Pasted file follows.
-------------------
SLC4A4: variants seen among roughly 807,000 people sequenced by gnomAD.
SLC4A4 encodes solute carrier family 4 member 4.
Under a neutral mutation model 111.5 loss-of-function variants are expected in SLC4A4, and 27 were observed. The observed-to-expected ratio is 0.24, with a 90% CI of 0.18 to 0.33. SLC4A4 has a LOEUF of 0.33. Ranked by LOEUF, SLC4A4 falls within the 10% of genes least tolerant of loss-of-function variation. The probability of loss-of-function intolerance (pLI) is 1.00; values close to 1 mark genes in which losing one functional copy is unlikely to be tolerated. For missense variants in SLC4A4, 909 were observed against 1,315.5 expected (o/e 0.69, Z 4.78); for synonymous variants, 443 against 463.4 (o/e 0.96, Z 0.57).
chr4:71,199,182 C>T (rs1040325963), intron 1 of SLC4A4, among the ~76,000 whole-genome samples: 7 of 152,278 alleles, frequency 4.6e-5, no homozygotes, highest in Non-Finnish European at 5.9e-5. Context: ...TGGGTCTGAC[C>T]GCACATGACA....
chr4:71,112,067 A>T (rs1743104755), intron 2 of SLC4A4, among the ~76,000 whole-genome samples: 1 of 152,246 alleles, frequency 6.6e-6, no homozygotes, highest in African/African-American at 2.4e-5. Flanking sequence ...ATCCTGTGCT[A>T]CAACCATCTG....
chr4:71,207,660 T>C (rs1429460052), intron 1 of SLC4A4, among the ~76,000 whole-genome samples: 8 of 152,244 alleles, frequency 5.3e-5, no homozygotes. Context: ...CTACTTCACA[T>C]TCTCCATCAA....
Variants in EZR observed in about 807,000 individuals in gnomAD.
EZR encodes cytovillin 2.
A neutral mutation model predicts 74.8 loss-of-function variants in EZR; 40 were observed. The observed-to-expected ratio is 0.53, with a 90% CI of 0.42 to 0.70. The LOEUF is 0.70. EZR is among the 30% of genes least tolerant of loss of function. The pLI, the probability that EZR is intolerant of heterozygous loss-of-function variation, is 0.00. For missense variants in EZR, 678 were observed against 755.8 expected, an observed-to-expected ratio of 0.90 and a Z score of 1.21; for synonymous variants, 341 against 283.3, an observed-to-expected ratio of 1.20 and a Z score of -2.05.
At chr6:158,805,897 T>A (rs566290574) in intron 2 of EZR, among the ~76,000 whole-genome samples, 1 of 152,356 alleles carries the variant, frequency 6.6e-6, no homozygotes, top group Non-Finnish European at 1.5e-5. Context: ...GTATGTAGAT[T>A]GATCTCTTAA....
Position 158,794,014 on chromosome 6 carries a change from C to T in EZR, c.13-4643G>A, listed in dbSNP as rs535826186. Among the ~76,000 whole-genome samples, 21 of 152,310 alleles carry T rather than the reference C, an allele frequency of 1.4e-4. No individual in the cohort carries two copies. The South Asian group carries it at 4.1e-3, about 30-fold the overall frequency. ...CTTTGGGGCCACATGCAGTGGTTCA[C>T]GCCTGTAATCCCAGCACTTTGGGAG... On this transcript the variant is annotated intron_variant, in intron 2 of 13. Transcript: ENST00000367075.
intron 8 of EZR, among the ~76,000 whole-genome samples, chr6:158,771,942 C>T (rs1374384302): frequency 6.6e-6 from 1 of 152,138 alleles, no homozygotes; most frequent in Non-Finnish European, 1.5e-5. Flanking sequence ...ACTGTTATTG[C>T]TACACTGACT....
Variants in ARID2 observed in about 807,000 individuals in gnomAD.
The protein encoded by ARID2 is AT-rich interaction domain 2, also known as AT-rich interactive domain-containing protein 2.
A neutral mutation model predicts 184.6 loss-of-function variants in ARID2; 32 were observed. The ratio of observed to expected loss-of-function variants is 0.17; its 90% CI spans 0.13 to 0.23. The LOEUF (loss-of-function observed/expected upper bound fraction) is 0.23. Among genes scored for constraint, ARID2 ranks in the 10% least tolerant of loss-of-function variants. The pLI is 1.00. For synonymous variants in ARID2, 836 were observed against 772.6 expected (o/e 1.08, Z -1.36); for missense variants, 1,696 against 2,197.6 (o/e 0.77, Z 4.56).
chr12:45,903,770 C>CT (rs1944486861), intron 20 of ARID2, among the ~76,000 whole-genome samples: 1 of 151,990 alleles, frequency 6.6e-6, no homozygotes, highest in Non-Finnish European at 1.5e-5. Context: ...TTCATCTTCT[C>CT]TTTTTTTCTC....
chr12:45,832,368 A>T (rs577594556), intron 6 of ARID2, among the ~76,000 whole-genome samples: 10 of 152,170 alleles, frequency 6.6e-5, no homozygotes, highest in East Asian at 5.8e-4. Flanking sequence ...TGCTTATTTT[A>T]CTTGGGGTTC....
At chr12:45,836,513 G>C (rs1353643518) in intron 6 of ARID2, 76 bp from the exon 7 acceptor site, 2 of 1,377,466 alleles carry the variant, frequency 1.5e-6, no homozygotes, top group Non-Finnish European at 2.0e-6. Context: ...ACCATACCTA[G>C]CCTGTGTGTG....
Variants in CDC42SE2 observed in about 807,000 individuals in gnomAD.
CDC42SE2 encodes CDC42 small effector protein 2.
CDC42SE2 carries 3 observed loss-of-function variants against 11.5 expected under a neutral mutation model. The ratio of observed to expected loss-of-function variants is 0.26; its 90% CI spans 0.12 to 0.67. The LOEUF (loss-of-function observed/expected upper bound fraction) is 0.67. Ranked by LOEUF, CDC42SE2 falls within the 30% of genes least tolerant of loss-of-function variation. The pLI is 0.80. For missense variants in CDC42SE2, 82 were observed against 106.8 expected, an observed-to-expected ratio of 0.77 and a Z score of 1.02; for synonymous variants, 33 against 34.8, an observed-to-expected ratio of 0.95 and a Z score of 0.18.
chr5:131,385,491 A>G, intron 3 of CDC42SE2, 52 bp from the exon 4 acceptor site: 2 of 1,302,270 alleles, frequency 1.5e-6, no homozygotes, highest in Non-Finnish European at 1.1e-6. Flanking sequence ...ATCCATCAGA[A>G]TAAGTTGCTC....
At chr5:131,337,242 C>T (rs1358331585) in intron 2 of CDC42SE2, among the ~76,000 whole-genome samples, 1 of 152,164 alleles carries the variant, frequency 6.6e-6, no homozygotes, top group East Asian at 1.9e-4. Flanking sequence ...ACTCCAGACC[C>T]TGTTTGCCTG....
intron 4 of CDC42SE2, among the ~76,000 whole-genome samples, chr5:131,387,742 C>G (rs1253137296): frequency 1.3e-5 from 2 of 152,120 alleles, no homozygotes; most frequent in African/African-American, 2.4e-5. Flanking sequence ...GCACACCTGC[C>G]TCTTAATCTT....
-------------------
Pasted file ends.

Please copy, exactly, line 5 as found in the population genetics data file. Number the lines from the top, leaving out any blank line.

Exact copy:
chr4:71,112,067 A>T (rs1743104755), intron 2 of SLC4A4, among the ~76,000 whole-genome samples: 1 of 152,246 alleles, frequency 6.6e-6, no homozygotes, highest in African/African-American at 2.4e-5. Flanking sequence ...ATCCTGTGCT[A>T]CAACCATCTG....